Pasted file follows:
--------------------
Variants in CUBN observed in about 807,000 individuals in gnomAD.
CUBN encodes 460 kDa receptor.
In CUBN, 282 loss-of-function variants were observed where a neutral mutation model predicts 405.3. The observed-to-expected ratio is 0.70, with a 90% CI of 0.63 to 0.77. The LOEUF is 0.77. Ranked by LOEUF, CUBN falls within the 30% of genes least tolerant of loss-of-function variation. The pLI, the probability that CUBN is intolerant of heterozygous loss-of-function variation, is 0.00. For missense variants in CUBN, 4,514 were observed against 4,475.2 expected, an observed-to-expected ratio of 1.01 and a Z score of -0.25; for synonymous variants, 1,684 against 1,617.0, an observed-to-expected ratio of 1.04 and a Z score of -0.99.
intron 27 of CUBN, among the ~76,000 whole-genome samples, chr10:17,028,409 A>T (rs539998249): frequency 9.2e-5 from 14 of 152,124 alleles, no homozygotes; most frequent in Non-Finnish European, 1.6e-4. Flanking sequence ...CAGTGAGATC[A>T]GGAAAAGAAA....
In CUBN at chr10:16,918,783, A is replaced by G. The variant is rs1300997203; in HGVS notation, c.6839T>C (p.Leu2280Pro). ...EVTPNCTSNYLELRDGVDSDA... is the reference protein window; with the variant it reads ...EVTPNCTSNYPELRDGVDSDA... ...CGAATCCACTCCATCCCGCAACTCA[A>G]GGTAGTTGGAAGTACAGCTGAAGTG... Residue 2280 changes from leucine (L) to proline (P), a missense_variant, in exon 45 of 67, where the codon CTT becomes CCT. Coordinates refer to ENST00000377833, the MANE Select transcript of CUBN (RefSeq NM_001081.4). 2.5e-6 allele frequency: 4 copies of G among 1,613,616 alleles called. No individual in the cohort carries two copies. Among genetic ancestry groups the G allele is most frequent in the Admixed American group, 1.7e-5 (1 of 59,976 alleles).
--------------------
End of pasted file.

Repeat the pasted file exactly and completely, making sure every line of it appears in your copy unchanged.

Variants in CUBN observed in about 807,000 individuals in gnomAD.
CUBN encodes 460 kDa receptor.
In CUBN, 282 loss-of-function variants were observed where a neutral mutation model predicts 405.3. The observed-to-expected ratio is 0.70, with a 90% CI of 0.63 to 0.77. The LOEUF is 0.77. Ranked by LOEUF, CUBN falls within the 30% of genes least tolerant of loss-of-function variation. The pLI, the probability that CUBN is intolerant of heterozygous loss-of-function variation, is 0.00. For missense variants in CUBN, 4,514 were observed against 4,475.2 expected, an observed-to-expected ratio of 1.01 and a Z score of -0.25; for synonymous variants, 1,684 against 1,617.0, an observed-to-expected ratio of 1.04 and a Z score of -0.99.
intron 27 of CUBN, among the ~76,000 whole-genome samples, chr10:17,028,409 A>T (rs539998249): frequency 9.2e-5 from 14 of 152,124 alleles, no homozygotes; most frequent in Non-Finnish European, 1.6e-4. Flanking sequence ...CAGTGAGATC[A>T]GGAAAAGAAA....
In CUBN at chr10:16,918,783, A is replaced by G. The variant is rs1300997203; in HGVS notation, c.6839T>C (p.Leu2280Pro). ...EVTPNCTSNYLELRDGVDSDA... is the reference protein window; with the variant it reads ...EVTPNCTSNYPELRDGVDSDA... ...CGAATCCACTCCATCCCGCAACTCA[A>G]GGTAGTTGGAAGTACAGCTGAAGTG... Residue 2280 changes from leucine (L) to proline (P), a missense_variant, in exon 45 of 67, where the codon CTT becomes CCT. Coordinates refer to ENST00000377833, the MANE Select transcript of CUBN (RefSeq NM_001081.4). 2.5e-6 allele frequency: 4 copies of G among 1,613,616 alleles called. No individual in the cohort carries two copies. Among genetic ancestry groups the G allele is most frequent in the Admixed American group, 1.7e-5 (1 of 59,976 alleles).